INITIAL VALUE PROBLEMS. An approximation to this is:. for small values of h. REMEMBER NUMERICAL DIFFERENTIATION. The derivative of y (x) at x 0 is:. Forward Difference Formula. Provided h is small. The value of a function at. can be approximated if we know its value.
for small values of h.
The derivative of y(x) at x0 is:
Forward Difference Formula
can be approximated if we know its value
and its slope at an earlier point,
provided h is small.
A sequence can be written as:
and often written as:
Value of y at
Numerical Solution of Initial Value Problems
First derivative of y at
We are approximating the value of the function y at x = xn+1 based on the information that we obtained at the previous point, x = xn .
The previous information are:
The value of y at x = xn
The value of the first derivative of y at x = xn
Find the value of y(0.8).
Our starting point.
is calculated using the Euler’s method.
Modified Euler’s Method (Heun’s Method)
In the Modified Euler’s method an average value of the slope is used.
as calculated using the Euler’s method shown above is used to obtain the 2nd slope.
Find the value of y(0.8).
R2 is called Taylor’s remainder.
If h is small then:
Taylor’s method of order two can be written in the form of the following sequence.
Interpolation produces a function that matches the given data exactly. The function then should provide a good approximation to the data values at intermediate points.
Interpolation may also be used to produce a smooth graph of a function for which values are known only at discrete points, either from measurements or calculations.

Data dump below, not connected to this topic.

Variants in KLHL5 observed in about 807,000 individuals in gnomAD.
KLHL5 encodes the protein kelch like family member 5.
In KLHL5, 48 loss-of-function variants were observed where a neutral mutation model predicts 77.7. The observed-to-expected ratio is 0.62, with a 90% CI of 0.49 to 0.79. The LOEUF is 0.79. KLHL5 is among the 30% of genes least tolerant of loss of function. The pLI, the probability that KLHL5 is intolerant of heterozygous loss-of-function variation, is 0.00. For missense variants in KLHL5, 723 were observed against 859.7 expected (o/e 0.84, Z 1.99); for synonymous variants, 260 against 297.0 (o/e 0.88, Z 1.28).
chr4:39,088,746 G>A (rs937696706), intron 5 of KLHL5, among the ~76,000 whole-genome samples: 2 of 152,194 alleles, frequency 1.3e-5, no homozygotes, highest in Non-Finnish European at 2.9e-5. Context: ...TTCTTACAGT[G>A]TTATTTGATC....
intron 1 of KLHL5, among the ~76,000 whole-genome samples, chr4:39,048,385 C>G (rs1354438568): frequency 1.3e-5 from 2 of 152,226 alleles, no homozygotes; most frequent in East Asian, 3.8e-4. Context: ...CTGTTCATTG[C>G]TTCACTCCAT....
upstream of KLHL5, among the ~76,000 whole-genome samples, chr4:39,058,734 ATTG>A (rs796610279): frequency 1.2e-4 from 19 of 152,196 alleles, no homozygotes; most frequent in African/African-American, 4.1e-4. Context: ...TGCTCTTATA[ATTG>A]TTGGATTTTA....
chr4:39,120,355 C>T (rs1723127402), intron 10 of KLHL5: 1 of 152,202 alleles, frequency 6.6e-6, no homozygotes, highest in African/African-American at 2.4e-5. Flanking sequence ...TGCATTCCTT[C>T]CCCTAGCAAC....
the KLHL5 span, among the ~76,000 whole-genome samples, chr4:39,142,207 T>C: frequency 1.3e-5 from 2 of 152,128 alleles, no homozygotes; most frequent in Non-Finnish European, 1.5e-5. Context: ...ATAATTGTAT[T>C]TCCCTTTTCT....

Lagrange Interpolating Polynomial
area under the curve f(x) between
In many cases a mathematical expression for y(x) is unknown and in some cases even if y(x) is known its complex form makes it difficult to perform the integration.
Runge-Kutta method uses a sampling of slopes through an interval and takes a weighted average slope to calculate the end point. By using fundamental theorem as shown in Figure 1 we can write:
Applying appropriate limits to Eqn. (2) we get
P(x) can be generated by utilizing Lagrange Interpolating Polynomial. Assume that the only information we have about a function, f(x) is that it goes through three points:
and the midpoint,
We can apply Simpson’s Integration to Eqn. (6) with the following substitutions:
Compared to Euler’s Formula, an average of six slopes is used in Eqn. (7) instead of just one slope. Actually, the slope at the midpoint has a weight of 4. The slope at the midpoint can be estimated in two ways.
The slopes can be estimated in the following manner:
Substituting the estimated slopes into Eqn. (8) gives the formula for Runge-Kutta Method of Fourth Order: